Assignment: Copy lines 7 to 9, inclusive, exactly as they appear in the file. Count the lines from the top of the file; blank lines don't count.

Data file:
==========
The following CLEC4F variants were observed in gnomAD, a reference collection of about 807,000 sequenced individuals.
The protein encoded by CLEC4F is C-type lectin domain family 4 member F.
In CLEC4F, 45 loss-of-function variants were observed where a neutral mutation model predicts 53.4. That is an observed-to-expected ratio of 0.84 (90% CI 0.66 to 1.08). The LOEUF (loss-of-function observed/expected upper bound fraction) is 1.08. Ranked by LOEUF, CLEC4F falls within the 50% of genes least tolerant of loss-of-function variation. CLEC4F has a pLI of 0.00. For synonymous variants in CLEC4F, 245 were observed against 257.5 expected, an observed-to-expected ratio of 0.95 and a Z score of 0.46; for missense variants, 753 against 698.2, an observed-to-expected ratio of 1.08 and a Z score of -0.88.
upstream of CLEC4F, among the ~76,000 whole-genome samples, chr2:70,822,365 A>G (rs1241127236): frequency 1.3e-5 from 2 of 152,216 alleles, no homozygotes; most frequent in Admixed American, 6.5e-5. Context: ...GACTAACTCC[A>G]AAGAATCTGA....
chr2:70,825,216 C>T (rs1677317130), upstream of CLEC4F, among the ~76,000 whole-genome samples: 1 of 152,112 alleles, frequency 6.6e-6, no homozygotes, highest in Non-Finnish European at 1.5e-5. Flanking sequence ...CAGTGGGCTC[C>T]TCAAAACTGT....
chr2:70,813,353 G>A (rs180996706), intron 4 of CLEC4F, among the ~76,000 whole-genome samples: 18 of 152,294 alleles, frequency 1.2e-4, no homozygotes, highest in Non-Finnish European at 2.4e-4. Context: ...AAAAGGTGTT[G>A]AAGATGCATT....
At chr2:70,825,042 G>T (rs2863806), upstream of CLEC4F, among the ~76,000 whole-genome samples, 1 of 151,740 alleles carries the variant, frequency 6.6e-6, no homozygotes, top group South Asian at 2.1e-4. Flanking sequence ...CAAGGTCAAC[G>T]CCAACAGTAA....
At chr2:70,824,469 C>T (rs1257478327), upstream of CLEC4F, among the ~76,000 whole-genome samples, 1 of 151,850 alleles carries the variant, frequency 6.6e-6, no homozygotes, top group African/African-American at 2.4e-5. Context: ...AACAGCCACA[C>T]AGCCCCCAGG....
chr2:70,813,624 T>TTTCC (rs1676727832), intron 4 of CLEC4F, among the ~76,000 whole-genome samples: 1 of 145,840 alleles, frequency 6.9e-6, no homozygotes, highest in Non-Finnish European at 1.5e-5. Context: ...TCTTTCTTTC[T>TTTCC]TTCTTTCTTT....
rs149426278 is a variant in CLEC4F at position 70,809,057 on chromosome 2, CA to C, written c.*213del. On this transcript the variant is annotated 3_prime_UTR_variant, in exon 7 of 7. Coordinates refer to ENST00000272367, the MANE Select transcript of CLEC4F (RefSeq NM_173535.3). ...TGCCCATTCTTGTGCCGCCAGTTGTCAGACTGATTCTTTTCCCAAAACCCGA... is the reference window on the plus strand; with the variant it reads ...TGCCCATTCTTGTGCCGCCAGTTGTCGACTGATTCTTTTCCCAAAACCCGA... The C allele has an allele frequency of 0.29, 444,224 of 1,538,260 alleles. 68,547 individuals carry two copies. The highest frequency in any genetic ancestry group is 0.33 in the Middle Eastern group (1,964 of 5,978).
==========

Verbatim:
At chr2:70,825,042 G>T (rs2863806), upstream of CLEC4F, among the ~76,000 whole-genome samples, 1 of 151,740 alleles carries the variant, frequency 6.6e-6, no homozygotes, top group South Asian at 2.1e-4. Flanking sequence ...CAAGGTCAAC[G>T]CCAACAGTAA....
At chr2:70,824,469 C>T (rs1257478327), upstream of CLEC4F, among the ~76,000 whole-genome samples, 1 of 151,850 alleles carries the variant, frequency 6.6e-6, no homozygotes, top group African/African-American at 2.4e-5. Context: ...AACAGCCACA[C>T]AGCCCCCAGG....
chr2:70,813,624 T>TTTCC (rs1676727832), intron 4 of CLEC4F, among the ~76,000 whole-genome samples: 1 of 145,840 alleles, frequency 6.9e-6, no homozygotes, highest in Non-Finnish European at 1.5e-5. Context: ...TCTTTCTTTC[T>TTTCC]TTCTTTCTTT....